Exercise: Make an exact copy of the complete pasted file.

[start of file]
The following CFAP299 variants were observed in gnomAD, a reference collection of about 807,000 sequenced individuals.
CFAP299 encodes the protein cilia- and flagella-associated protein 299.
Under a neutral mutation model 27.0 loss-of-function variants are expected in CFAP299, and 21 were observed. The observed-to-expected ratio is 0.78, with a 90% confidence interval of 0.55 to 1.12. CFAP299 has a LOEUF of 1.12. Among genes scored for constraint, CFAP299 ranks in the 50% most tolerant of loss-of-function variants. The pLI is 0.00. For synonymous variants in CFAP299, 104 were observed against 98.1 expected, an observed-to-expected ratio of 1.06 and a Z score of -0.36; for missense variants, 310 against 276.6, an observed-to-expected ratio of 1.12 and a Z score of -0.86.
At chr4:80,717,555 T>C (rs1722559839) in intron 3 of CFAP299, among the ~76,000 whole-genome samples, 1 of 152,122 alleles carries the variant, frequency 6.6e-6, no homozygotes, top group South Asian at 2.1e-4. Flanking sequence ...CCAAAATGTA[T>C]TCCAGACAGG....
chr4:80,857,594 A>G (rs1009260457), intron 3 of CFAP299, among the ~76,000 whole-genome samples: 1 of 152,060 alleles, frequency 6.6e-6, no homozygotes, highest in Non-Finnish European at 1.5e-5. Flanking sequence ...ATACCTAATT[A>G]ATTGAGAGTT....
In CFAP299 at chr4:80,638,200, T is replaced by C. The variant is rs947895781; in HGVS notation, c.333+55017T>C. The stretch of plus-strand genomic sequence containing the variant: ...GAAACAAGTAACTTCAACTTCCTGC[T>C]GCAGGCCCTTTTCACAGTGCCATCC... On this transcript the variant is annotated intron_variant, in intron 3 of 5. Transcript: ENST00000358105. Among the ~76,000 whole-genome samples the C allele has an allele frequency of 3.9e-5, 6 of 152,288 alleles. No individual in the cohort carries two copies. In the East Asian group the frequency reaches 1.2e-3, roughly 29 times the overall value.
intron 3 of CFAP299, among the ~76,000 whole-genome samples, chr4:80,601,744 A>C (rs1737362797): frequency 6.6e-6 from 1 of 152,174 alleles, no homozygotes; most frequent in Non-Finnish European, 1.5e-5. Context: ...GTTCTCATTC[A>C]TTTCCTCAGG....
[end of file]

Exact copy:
The following CFAP299 variants were observed in gnomAD, a reference collection of about 807,000 sequenced individuals.
CFAP299 encodes the protein cilia- and flagella-associated protein 299.
Under a neutral mutation model 27.0 loss-of-function variants are expected in CFAP299, and 21 were observed. The observed-to-expected ratio is 0.78, with a 90% confidence interval of 0.55 to 1.12. CFAP299 has a LOEUF of 1.12. Among genes scored for constraint, CFAP299 ranks in the 50% most tolerant of loss-of-function variants. The pLI is 0.00. For synonymous variants in CFAP299, 104 were observed against 98.1 expected, an observed-to-expected ratio of 1.06 and a Z score of -0.36; for missense variants, 310 against 276.6, an observed-to-expected ratio of 1.12 and a Z score of -0.86.
At chr4:80,717,555 T>C (rs1722559839) in intron 3 of CFAP299, among the ~76,000 whole-genome samples, 1 of 152,122 alleles carries the variant, frequency 6.6e-6, no homozygotes, top group South Asian at 2.1e-4. Flanking sequence ...CCAAAATGTA[T>C]TCCAGACAGG....
chr4:80,857,594 A>G (rs1009260457), intron 3 of CFAP299, among the ~76,000 whole-genome samples: 1 of 152,060 alleles, frequency 6.6e-6, no homozygotes, highest in Non-Finnish European at 1.5e-5. Flanking sequence ...ATACCTAATT[A>G]ATTGAGAGTT....
In CFAP299 at chr4:80,638,200, T is replaced by C. The variant is rs947895781; in HGVS notation, c.333+55017T>C. The stretch of plus-strand genomic sequence containing the variant: ...GAAACAAGTAACTTCAACTTCCTGC[T>C]GCAGGCCCTTTTCACAGTGCCATCC... On this transcript the variant is annotated intron_variant, in intron 3 of 5. Transcript: ENST00000358105. Among the ~76,000 whole-genome samples the C allele has an allele frequency of 3.9e-5, 6 of 152,288 alleles. No individual in the cohort carries two copies. In the East Asian group the frequency reaches 1.2e-3, roughly 29 times the overall value.
intron 3 of CFAP299, among the ~76,000 whole-genome samples, chr4:80,601,744 A>C (rs1737362797): frequency 6.6e-6 from 1 of 152,174 alleles, no homozygotes; most frequent in Non-Finnish European, 1.5e-5. Context: ...GTTCTCATTC[A>C]TTTCCTCAGG....